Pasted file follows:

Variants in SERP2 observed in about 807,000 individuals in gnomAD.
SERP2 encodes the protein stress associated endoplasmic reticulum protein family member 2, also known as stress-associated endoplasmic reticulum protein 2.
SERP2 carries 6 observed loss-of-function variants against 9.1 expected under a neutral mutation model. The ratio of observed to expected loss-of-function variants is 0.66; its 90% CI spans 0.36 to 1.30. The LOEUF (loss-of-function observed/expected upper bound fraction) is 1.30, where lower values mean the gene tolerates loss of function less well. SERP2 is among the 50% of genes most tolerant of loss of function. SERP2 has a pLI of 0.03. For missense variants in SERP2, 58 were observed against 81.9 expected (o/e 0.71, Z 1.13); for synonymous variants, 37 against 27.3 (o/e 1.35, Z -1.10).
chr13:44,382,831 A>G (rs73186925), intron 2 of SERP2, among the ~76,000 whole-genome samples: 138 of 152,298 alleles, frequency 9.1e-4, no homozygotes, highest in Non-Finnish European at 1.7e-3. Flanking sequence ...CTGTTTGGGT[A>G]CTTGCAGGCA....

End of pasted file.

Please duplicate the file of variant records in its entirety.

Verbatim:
Variants in SERP2 observed in about 807,000 individuals in gnomAD.
SERP2 encodes the protein stress associated endoplasmic reticulum protein family member 2, also known as stress-associated endoplasmic reticulum protein 2.
SERP2 carries 6 observed loss-of-function variants against 9.1 expected under a neutral mutation model. The ratio of observed to expected loss-of-function variants is 0.66; its 90% CI spans 0.36 to 1.30. The LOEUF (loss-of-function observed/expected upper bound fraction) is 1.30, where lower values mean the gene tolerates loss of function less well. SERP2 is among the 50% of genes most tolerant of loss of function. SERP2 has a pLI of 0.03. For missense variants in SERP2, 58 were observed against 81.9 expected (o/e 0.71, Z 1.13); for synonymous variants, 37 against 27.3 (o/e 1.35, Z -1.10).
chr13:44,382,831 A>G (rs73186925), intron 2 of SERP2, among the ~76,000 whole-genome samples: 138 of 152,298 alleles, frequency 9.1e-4, no homozygotes, highest in Non-Finnish European at 1.7e-3. Flanking sequence ...CTGTTTGGGT[A>G]CTTGCAGGCA....